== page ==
A report by the American Heart Association (AHA) suggesting a possible link between adjustments of the neck — whether by a chiropractor or osteopathic doctor — and stroke has created intense debate.
The study’s author, Jose Biller, chair of neurology at Loyola University Chicago Stritch School of Medicine, states that thrusts and rotations sometimes used in neck manipulation may cause a small tear in the artery walls in the neck. Biller says such a tear “occurs with a sudden movement that can hyperextend or rotate the neck, such as one you may see with whiplash or sporting events, or even violent coughing or vomiting. The techniques for cervical manipulation, even though they vary among health professionals, include a rotation of the neck and sometimes a forceful thrust.”
However, the paper also goes on to note the evidence does not prove that the practice can directly cause strokes.
Keith Overland, former president of the American Chiropractic Association, (ACA) says, “Two studies that have come out recently said that there is no evidence that the force or direction utilized in cervical manipulation reaches the threshold of stretching the arteries to the point that they can be damaged.” Overland also points out that practitioners who perform neck adjustments apply force that is “no greater than what people can do in activities of daily life.”
In response to the AHA report, the International Chiropractors Association (ICA) is reviewing the scientific and clinical literature regarding the safety record and effectiveness of chiropractic adjustment procedures.
ICA President Michael S. McLean explains, “Medical researchers frequently misunderstand the critical differences between specific chiropractic adjustments and cervical manipulation. Doctors of chiropractic are highly trained in the use of the adjustment, which is the specific and scientific application of directional force to facilitate the reduction of nerve interference. Manipulation is the forceful passive movement of a joint beyond its active limit of motion. Since manipulation doesn’t imply the use of precision, specificity, or the correction of nerve interference, it is not synonymous with chiropractic adjustment.”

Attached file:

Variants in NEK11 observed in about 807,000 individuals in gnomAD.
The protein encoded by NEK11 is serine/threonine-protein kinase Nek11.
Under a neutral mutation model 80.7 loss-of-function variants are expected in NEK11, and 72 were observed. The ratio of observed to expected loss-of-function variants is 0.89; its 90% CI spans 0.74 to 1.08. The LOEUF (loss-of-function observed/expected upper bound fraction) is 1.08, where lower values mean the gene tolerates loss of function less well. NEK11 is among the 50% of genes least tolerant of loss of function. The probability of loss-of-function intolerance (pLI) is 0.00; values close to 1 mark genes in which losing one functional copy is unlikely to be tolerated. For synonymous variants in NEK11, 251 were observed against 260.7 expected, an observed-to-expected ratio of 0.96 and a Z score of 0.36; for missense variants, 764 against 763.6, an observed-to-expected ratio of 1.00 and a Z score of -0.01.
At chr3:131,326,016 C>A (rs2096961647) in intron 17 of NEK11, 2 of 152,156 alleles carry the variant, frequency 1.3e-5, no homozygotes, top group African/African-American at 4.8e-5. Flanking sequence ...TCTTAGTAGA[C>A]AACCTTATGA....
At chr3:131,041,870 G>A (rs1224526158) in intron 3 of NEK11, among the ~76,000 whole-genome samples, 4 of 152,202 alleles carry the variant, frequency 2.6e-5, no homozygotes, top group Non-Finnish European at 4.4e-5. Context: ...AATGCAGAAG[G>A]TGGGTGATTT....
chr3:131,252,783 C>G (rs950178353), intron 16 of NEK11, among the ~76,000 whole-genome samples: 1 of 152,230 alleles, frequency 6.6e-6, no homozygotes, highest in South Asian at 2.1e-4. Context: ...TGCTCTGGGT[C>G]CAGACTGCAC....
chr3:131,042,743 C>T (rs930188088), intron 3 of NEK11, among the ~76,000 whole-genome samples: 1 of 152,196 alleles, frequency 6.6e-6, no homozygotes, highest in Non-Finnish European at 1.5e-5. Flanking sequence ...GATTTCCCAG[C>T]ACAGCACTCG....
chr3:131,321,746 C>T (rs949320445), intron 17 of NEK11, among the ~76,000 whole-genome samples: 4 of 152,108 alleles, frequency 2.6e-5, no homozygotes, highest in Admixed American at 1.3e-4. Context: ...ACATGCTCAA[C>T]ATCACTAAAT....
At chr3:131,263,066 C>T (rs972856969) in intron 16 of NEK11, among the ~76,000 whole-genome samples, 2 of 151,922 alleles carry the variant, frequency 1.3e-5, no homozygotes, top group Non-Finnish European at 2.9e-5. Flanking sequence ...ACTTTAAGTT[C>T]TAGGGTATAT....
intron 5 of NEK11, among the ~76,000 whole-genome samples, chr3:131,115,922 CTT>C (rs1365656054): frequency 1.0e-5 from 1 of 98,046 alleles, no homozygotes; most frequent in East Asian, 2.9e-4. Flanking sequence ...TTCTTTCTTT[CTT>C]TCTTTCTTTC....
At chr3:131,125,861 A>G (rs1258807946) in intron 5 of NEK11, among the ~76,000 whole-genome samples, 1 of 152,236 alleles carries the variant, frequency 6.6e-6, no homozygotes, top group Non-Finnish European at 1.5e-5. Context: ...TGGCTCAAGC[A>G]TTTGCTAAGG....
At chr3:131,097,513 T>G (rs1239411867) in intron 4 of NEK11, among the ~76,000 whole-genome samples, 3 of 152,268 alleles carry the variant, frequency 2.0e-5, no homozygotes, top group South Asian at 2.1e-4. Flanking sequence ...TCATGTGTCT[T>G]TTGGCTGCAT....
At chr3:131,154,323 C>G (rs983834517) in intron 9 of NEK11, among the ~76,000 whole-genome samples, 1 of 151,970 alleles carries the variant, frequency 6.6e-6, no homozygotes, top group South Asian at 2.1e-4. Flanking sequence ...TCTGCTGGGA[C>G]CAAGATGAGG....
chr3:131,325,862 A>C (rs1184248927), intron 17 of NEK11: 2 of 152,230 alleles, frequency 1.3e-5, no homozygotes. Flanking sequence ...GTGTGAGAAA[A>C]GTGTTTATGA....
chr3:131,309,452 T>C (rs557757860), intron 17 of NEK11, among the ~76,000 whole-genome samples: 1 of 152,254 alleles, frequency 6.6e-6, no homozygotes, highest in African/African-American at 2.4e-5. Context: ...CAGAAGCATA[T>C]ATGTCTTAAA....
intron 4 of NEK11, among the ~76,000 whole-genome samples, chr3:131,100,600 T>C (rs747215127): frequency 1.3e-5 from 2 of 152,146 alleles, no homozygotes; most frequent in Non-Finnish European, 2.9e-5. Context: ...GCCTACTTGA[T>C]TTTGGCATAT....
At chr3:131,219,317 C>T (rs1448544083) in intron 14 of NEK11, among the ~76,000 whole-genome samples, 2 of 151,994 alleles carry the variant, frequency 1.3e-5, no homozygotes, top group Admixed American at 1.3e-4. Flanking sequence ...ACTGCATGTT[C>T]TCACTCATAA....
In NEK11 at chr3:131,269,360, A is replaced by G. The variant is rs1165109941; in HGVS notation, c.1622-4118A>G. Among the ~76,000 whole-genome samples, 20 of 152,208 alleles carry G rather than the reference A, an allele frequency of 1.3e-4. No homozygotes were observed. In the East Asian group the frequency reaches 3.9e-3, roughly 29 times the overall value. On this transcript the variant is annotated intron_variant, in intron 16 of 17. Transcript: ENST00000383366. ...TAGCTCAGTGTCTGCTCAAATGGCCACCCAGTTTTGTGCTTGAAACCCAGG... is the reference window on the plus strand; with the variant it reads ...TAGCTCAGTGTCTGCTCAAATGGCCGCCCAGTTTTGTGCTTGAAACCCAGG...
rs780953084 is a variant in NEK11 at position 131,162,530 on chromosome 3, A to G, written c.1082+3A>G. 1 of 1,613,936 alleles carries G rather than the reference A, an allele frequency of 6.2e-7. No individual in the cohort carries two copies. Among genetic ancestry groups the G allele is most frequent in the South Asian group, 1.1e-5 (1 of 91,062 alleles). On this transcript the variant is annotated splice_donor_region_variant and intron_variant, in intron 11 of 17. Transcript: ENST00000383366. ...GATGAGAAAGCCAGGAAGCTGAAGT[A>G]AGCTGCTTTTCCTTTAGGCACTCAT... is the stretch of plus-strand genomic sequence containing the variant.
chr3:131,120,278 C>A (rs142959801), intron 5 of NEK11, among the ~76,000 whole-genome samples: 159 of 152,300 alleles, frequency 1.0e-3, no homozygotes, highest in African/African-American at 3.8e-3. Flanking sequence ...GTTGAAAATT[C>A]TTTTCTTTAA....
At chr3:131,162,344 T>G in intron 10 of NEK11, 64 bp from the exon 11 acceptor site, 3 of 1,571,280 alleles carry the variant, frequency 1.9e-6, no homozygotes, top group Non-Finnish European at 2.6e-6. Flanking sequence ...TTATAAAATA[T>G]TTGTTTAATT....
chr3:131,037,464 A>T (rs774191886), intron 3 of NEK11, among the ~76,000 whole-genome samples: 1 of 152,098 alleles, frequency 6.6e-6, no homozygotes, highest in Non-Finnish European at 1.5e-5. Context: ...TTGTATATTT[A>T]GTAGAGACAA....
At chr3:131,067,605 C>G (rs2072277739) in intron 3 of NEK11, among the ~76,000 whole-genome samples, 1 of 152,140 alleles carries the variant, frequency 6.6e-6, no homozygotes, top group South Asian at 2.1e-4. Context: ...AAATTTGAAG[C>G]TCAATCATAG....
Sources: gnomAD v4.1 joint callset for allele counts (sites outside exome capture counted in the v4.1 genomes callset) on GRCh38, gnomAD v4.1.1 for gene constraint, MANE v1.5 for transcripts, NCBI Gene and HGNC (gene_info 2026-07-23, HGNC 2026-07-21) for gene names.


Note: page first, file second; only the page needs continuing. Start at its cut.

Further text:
For example, a literature review published in the September 2013 issue of the International Journal of Clinical Practice looked at whether spinal manipulative therapy (SMT) was a causative or associative factor in stroke. Although long anecdotal, there was no statistical evidence. After examining the literature, the study’s author determined the incidence of stroke after a neck adjustment occurred between one case out of every 400,000 to one in 5.6 million. The conclusion was that prejudice by some in the medical community toward chiropractic have created distorted perceptions.
The review also noted that 60 percent of strokes occur due to an abnormal amount of lipids (cholesterol and/or fat) in the blood and that smoking, hypertension, obesity, cardiovascular disease, and diabetes are considered significant risk factors for stroke. Chiropractic adjustments or SMTs are not, leading the author to conclude, “The evidence for causality of vertebral artery dissection from chiropractic is weak.”
The Canadian Medical Association Journal (2001) reviewed the malpractice data from between 1988 and 1997. Paul Carey, president of the Canadian Chemical Producers’ Association, adds: “This most recent study establishes such an extremely low degree of risk that patients can feel confident about the safety of neck manipulations performed by chiropractors.”
Another study published in the Journal of the Canadian Chiropractic Association concluded there was a one per 3 million risk of stroke after neck adjustments. Lastly, not a single case of vertebral artery stroke was found after reviewing approximately 5 million cervical manipulations from 1965 to 1980 at the National College of Chiropractic Clinic in Chicago.
The bottom line is chiropractic adjustments administered by qualified, licensed doctors of chiropractic pose no demonstrable, significant risk of stroke.